We’re going to begin watching Stargate SG-1 here at the blog fairly soon. I’ll talk about it in more detail later, but I think it’s a program that starts out godawful, turns into a mostly good show, and eventually becomes tremendously entertaining. It’s based on a 1994 MGM film directed and co-written by Roland Emmerich. A lot of Emmerich’s hallmarks are on display here. He’s kind of made an art of spending an insane amount of money and resources on movies that would be every bit as stupid with a tenth of the budget.
Stargate isn’t a movie that I’d ever really watched before; it’s a movie that’s been on while I’ve been in the room. And I can now say that it is every bit as lazy and stupid as I feared. Nothing surprising happens in this film; it’s an action movie by the numbers. About the only thing in the story that I really liked was a gruesome bit where the hero’s about to get the drop on the villain, and the bad guy is instantly surrounded by more than a dozen human shields; little children bred to die for their boss.
As for the actors, I liked Richard Kind’s petulant performance as a translator on the Stargate project whose work gets bulldozed immediately as soon as the new whizkid on the team, Dr. Daniel Jackson, shows up. Jackson is played by James Spader and Col. O’Neill by Kurt Russell, and it’s a testament to how little they brought to the movie that I spent the full 130 minutes saying to myself that Michael Shanks and Richard Dean Anderson are both so, so much better than these actors in the same roles.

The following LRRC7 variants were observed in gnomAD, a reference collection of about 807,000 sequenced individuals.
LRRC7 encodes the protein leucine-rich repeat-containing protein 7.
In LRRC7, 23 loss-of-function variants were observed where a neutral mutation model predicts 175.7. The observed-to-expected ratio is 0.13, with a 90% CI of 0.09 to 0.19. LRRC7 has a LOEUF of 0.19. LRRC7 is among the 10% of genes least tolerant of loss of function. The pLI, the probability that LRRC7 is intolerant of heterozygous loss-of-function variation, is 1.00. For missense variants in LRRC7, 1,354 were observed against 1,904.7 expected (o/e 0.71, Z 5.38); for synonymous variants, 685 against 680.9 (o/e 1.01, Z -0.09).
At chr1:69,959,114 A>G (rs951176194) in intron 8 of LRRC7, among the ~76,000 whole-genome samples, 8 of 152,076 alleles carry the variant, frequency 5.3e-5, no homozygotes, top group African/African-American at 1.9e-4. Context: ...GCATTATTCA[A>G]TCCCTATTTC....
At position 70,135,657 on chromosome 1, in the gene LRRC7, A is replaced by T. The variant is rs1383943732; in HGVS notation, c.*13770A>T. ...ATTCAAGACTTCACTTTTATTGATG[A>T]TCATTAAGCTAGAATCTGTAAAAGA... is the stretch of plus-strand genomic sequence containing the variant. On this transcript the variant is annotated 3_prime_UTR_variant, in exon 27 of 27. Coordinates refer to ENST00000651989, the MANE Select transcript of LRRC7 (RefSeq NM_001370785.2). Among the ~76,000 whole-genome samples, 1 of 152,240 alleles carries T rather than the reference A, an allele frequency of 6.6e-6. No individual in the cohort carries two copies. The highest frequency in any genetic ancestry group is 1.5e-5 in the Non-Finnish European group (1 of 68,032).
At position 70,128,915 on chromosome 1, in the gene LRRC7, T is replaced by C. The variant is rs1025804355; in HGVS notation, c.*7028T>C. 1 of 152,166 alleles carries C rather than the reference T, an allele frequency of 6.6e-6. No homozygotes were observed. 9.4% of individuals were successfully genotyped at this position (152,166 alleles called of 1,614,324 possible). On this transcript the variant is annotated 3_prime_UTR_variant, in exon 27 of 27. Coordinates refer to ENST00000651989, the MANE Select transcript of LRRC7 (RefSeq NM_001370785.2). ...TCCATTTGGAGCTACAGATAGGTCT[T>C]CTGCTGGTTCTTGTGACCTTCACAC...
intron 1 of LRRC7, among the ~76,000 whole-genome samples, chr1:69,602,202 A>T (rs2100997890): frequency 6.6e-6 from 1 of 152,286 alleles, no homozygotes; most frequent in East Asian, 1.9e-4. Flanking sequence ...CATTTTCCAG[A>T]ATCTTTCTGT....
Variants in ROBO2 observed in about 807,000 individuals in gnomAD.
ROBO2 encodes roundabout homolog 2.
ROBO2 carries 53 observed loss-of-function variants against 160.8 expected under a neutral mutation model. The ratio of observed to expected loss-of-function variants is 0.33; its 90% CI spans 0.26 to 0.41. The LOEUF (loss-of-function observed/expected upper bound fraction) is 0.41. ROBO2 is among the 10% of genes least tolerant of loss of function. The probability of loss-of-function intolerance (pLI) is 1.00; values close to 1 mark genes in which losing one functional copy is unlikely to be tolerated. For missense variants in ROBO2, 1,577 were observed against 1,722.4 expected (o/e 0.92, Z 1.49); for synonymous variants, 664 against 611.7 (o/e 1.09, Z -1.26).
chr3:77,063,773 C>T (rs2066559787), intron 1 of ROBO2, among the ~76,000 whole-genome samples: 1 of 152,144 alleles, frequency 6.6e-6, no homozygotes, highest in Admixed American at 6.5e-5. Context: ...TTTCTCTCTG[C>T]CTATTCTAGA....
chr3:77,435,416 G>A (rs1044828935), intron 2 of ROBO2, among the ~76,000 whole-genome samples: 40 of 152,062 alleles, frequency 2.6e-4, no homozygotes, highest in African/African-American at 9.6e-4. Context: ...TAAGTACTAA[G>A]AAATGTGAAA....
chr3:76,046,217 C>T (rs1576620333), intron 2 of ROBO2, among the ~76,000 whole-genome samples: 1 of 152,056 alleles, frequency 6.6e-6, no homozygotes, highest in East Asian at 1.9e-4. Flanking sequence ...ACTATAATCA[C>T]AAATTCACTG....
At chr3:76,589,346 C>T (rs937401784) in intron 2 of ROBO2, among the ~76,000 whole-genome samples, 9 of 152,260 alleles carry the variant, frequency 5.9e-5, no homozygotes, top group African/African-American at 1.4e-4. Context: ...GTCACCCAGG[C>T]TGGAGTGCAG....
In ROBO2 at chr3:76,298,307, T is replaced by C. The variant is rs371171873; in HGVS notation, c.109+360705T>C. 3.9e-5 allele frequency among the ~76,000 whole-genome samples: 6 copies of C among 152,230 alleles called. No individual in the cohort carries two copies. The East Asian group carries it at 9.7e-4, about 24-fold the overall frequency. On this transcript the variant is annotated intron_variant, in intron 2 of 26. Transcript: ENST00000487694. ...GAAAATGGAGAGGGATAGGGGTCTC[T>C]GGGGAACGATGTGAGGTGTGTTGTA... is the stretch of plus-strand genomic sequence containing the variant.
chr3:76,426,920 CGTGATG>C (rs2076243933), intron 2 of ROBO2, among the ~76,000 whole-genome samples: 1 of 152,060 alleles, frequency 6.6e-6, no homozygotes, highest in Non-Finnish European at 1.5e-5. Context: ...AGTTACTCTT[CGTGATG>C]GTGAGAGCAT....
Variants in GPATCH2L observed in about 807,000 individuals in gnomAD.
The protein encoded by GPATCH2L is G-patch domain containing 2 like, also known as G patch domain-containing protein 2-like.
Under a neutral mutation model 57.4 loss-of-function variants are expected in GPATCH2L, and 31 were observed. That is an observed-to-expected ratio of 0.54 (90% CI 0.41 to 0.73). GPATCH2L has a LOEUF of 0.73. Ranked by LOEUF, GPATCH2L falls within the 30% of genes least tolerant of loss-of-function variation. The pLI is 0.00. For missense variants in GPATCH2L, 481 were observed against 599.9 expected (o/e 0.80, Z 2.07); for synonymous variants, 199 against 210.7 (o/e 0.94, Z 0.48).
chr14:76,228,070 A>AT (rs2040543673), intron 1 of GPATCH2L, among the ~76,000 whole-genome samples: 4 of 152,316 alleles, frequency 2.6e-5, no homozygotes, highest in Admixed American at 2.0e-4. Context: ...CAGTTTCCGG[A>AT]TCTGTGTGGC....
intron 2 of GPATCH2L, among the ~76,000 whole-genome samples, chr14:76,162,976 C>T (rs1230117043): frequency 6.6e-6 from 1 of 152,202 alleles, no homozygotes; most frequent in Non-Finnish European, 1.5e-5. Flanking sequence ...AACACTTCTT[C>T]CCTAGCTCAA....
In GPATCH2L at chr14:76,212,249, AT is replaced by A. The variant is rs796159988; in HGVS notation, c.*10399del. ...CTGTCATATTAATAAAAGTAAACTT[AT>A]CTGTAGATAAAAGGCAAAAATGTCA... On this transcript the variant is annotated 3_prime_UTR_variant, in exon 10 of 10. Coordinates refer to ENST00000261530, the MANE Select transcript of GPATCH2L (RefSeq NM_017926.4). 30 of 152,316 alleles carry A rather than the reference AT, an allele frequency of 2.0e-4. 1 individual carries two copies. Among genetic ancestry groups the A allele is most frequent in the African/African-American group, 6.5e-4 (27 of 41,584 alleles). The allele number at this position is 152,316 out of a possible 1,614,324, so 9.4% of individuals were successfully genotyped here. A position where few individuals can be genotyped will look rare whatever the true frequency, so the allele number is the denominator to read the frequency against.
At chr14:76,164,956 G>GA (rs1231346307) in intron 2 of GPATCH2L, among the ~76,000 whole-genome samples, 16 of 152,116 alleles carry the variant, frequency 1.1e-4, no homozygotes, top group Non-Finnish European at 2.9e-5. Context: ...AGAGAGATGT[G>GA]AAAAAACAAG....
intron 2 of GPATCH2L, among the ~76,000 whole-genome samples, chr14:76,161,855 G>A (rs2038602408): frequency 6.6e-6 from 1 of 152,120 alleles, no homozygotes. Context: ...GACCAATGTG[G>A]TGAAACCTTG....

If you’ve never seen the film, it’s an incredibly long setup to get to a faster-than-light wormhole to another galaxy. There, a small colony of humans whose ancestors were abducted from Egypt 10,000 years ago live as slaves to an alien who calls himself Ra. The Great White Saviors show up and save the day, showing the locals that their “gods” are mortal, and blowing up Ra and his pyramid ship with a failsafe nuke.
There’s a bit where Ra’s jackal-helmeted warriors sneak around and make mincemeat out of the redshirts left behind to guard the way home. Our son thought this scene was very frightening. He otherwise enjoyed the fighting and the shootouts. This is a very simple film without nuance or surprises, so it’s natural that kids would enjoy it. Everything here was done better once Brad Wright and Jonathan Glassner got involved a couple of years later and made it into a TV show.
Not a lot better, mind you. It takes a long time to find its feet. More on that soon.